Building an octogon tray, the size of the handles dictates the needed size of the octogon shape, the inside tray, is around 20-1/2” from flat to flat, a big tray.
Here are the handles made, they have a 8 deg. miter, to splay the side pieces,
however, I want to fasten the handles to the face side of the tray, unlike the other one where the handle was assembled with a top and bottom rail, this style of handle will not have a bottom rail, due to direct connection to a side piece of the tray, to account for the bottom rail.
The angle of incline will be at 45deg. , just as the other style handle.
Now with this in mind, I would need to cut a compound miter, with the saw tilted to 45 deg., and the miter at the 8 deg..
I don’t have a (compound miter) saw, I have a 1980’s craftsman miter saw, I do have a 1970’s radial arm saw, which I could do compound miters on, however, the swing for the miter at 8 deg. may not be repeatable from one side to the other.
I have three options, build a jig to either fit my miter saw, radial saw, or table saw.
I looked into the miter saw, but the motor would get in the way and I would need two jigs for a left and right miter.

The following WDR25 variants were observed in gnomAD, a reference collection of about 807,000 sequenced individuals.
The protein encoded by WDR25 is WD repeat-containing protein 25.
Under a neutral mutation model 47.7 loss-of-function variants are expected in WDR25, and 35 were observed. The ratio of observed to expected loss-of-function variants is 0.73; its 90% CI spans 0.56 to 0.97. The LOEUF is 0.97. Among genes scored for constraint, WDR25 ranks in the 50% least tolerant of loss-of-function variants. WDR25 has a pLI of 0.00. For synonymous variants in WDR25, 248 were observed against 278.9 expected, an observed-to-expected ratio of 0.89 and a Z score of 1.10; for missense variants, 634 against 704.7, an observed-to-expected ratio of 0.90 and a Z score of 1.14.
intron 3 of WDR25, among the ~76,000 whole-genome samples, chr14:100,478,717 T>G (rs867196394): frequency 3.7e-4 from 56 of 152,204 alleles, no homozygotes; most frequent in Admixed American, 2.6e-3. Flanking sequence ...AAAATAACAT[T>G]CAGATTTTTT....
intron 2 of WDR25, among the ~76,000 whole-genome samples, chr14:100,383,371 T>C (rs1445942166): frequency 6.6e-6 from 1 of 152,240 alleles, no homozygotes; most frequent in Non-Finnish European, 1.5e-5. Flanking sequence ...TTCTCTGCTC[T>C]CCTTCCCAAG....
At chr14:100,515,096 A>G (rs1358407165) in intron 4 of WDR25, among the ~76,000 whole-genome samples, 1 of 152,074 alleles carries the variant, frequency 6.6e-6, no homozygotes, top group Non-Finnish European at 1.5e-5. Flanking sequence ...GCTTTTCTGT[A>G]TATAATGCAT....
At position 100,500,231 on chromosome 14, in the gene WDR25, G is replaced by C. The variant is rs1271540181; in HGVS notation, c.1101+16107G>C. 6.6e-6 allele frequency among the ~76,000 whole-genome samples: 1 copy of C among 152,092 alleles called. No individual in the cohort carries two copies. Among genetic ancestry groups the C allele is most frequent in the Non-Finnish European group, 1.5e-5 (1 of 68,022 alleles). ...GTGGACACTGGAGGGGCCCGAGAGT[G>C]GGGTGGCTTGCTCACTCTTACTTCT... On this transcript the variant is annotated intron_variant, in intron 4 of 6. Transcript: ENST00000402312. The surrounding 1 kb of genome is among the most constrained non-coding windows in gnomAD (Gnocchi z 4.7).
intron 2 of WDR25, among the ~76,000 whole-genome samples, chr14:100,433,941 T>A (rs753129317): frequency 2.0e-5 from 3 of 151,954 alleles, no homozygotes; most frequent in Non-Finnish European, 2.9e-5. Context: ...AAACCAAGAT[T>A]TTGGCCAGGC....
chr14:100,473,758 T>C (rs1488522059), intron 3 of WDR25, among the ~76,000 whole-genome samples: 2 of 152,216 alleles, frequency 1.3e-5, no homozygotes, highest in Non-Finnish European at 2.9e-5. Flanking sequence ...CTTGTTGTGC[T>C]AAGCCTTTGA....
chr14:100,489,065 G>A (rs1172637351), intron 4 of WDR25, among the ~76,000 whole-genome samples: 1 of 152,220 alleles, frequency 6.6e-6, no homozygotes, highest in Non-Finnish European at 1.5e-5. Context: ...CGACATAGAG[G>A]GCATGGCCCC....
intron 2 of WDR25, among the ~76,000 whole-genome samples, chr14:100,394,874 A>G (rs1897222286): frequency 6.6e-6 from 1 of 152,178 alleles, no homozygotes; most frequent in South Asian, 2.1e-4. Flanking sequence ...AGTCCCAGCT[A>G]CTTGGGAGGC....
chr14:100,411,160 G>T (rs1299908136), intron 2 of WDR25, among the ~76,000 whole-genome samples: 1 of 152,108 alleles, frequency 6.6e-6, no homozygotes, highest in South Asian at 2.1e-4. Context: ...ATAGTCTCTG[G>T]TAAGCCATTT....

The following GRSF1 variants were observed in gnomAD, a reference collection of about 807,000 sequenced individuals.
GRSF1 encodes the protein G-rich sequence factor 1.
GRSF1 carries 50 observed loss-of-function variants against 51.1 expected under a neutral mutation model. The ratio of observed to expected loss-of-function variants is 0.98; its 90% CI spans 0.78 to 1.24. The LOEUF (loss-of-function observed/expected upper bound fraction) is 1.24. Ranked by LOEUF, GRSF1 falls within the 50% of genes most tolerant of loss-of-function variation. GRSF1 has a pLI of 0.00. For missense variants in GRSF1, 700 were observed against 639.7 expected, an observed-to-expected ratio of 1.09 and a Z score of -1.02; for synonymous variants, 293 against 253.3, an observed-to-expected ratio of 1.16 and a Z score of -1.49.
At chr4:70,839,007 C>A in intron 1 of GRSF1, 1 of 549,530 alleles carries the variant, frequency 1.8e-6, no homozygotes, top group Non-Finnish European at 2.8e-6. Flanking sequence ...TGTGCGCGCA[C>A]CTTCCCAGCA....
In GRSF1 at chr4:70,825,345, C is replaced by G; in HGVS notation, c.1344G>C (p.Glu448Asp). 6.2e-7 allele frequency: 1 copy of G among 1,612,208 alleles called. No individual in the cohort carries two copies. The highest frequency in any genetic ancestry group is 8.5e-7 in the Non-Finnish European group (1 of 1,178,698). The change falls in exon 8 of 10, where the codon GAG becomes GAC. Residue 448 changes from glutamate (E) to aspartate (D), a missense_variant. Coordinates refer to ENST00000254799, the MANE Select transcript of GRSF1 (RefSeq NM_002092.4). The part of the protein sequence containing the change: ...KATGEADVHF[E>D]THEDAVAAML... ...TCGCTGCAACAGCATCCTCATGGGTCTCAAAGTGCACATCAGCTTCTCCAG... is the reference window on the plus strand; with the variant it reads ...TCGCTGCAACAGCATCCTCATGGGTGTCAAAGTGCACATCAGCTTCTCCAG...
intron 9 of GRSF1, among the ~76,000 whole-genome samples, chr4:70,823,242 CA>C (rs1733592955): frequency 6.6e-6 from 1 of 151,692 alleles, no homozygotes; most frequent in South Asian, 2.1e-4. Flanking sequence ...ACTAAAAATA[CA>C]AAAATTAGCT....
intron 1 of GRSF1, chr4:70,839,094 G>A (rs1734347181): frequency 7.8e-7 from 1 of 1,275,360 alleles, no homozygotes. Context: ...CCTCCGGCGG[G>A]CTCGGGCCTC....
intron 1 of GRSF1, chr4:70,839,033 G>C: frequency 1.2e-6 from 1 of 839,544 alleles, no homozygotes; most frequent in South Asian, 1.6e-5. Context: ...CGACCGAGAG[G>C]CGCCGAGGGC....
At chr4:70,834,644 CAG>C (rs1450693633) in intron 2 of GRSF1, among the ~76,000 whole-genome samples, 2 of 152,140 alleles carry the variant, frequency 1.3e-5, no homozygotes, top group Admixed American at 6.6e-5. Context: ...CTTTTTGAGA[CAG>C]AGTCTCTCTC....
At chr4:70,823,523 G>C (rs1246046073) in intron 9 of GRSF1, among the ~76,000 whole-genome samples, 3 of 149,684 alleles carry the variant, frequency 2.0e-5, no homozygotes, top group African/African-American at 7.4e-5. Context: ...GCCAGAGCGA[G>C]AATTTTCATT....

A jig for my radial saw, would work fine, but thats a lot of extension to pull the saw through, around 8” plus the width of the jig, it could be close to around 10” or 11” before its all done, thats to far to pull the saw through a workpiece that will be jigged up,
The best option is build a table saw jig, dedicated only for this style and size of handle (workpiece).
The jig is made to give a splay of 8 deg. mitered at the top rail and the top of the 2 sides,, the 2 sides are mitered at 8 deg. to fit as a butt joint to the face of the top rail, the top rail is mitered at its very top edge to continue the flow of the angle of splay visually only.
here is the jig unloaded,
The jig also allows me to line up my dowel centers when building the handles.
Here is the workpiece, (handle) ready to be jigged up.
Here is the workpiece ready to be compounded mitered, the jig holds the workpiece at a 45 deg. angle of incline, while the sides are already at there spayed angle of 8 deg.,
the mitering operation on the table saw,
The blade stays at 90 (0) on the saw setting, and the back of the jig rides against the saws fence.
and the results of the compound miter,
and a mockup of how it will be assembled to the side of the tray workpieces.
The rest is a sequential tasks of building the tray itself, by cutting the tray sides, routing rabbets, and cutting the 22-1/2 deg. miters, and finally assembly, glued up and small brad nailing.
for the inside bottom, I used old 3/4” shelf boards badly warped, a lot of face jointing, and thickness planing, then cut to a finish width of 5-1/2”, then finally resawed on the table saw, to make 5/16” thick planks, then a quick skim in the thickness planer.
Now I will start cutting to fit the planks, because my octogon side pieces are not perfectly made, so variations in the frame, requires me to scribe each plank to fit the octogon frame.
That’s all for now, I’m in between tasks, so it will be a little bit before I can continue this project.
Have fun in the shop.